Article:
I realize now that one of the key ingredients of The X-Files was that Mulder and Scully operated alone in the darkness.  They had no anchor to anything consistent or comforting, at least not that we saw.  Mulder had a backstory, but the supporting characters in the series – like Agent Skinner, Mr. X, and the cigarette-smoking man – were introduced gradually, and always as part of the ever-expanding conspiracy plotline that made up the show’s “mythology.”  And there was a high mortality rate among these characters.  Their purpose was to up the stakes, to insist that we remain invested in material that was, after all, the stuff of supermarket tabloids.

Perhaps in an attempt to mitigate their blandness, Fringe burdens its Mulder and Scully wannabes, Peter Bishop (Joshua Jackson) and Olivia Dunham (Anna Torv), with a large roster of full-time tag-alongs.  There’s an FBI partner, an FBI boss, another FBI partner who may or may not be dead (long story), a lady from Massive Dynamic with a spooky robot hand, a lovably eccentric scientist, his adorable lab assistant, and so on.  A few of these characters prove so disposable that the writers kill them off.  Others exist mainly to offer comic relief of a variety so persistent, repetitive, and unfunny – the mad scientist has a pregnant woman’s weird food cravings, only it’s a different craving in each episode! – that they would be better suited to Scooby Doo.

And instead of dispatching to remote corners of Vancouver (er, I mean, the fifty states), these characters converge in a warmly lit, comfy-looking basement laboratory on the Harvard campus.  The show’s reliance on this inviting stationary set dulls the edge of any eerie atmospherics that the writers and directors try to get going.  (Remember, Mulder and Scully spent very little time at home or in the office).  It also requires that most of Fringe’s unexplained happenings occur within driving distance of Boston, a nagging implausibility for which the show has yet to offer a solid explanation.  At least Scooby Doo worked out of a van.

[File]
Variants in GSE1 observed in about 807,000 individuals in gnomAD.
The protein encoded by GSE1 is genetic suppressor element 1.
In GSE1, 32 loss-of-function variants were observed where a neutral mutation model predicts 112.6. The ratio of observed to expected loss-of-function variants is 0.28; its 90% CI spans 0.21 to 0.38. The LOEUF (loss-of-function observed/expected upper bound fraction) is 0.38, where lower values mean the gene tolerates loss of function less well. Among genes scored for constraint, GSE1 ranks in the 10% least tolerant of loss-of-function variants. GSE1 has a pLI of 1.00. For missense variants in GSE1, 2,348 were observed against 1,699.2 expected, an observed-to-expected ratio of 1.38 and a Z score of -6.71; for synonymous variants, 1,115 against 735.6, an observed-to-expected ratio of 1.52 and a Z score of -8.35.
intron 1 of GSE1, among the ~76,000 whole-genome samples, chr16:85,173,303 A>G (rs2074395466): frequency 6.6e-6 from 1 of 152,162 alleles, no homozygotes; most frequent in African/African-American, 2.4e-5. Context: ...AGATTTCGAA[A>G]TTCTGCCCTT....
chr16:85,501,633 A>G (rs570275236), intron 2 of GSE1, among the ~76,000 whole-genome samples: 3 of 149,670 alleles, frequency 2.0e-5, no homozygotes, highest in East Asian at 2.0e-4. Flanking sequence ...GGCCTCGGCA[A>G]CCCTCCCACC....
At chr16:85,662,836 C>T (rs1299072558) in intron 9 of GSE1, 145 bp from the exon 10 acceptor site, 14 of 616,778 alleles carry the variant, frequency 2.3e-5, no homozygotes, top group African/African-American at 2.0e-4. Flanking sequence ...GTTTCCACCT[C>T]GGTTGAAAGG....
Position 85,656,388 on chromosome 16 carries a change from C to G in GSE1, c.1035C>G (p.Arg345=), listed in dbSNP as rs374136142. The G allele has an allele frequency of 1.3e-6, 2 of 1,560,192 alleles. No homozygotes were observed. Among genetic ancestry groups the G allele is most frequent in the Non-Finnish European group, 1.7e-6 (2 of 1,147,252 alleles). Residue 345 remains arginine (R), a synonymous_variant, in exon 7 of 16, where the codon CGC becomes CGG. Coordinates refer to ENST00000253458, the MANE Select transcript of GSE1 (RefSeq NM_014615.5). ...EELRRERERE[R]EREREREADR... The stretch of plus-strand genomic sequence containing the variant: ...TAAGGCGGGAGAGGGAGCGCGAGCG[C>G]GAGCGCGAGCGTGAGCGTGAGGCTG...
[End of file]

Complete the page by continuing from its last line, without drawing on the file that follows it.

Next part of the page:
I’ve seen dumber ideas and more generic sets of characters come to life in the hands of the right creative people.  But Fringe is saddled with a dull cast, and felled by one crucial performance that is so wholly ill-conceived and executed that it becomes sort of fascinating, like a forty-some hour train wreck. 

John Noble (pictured above), an Australian expatriate known mainly for a role in the Lord of the Rings trilogy, portrays Walter Bishop, the father of the male investigator.  Walter is Fringe’s one multi-faceted character, and one of the problems with Fringe is that the writers have appended just about all of the show’s facets to a single character.  Walter is the Frankenberry-munching buffoon I ridiculed above; he’s also a brilliant intellectual, a man with a tragic family history, a repentant villain, and the keeper of a lot of secrets that are doled out now and then as the series unfolds.

It’s an unplayable role, but there are a few actors who could probably pull off the wild swings between intensity and silliness that it requires; Mandy Patinkin and Peter MacNicol (both late of Chicago Hope) come to mind.  Noble doesn’t get hold of either end of the character.  His craggy face and deep baritone form an unusual barrier between himself and the audience.  Noble might be fine doing Gilbert and Sullivan on stage, but he has none of the approachability that most successful television actors develop.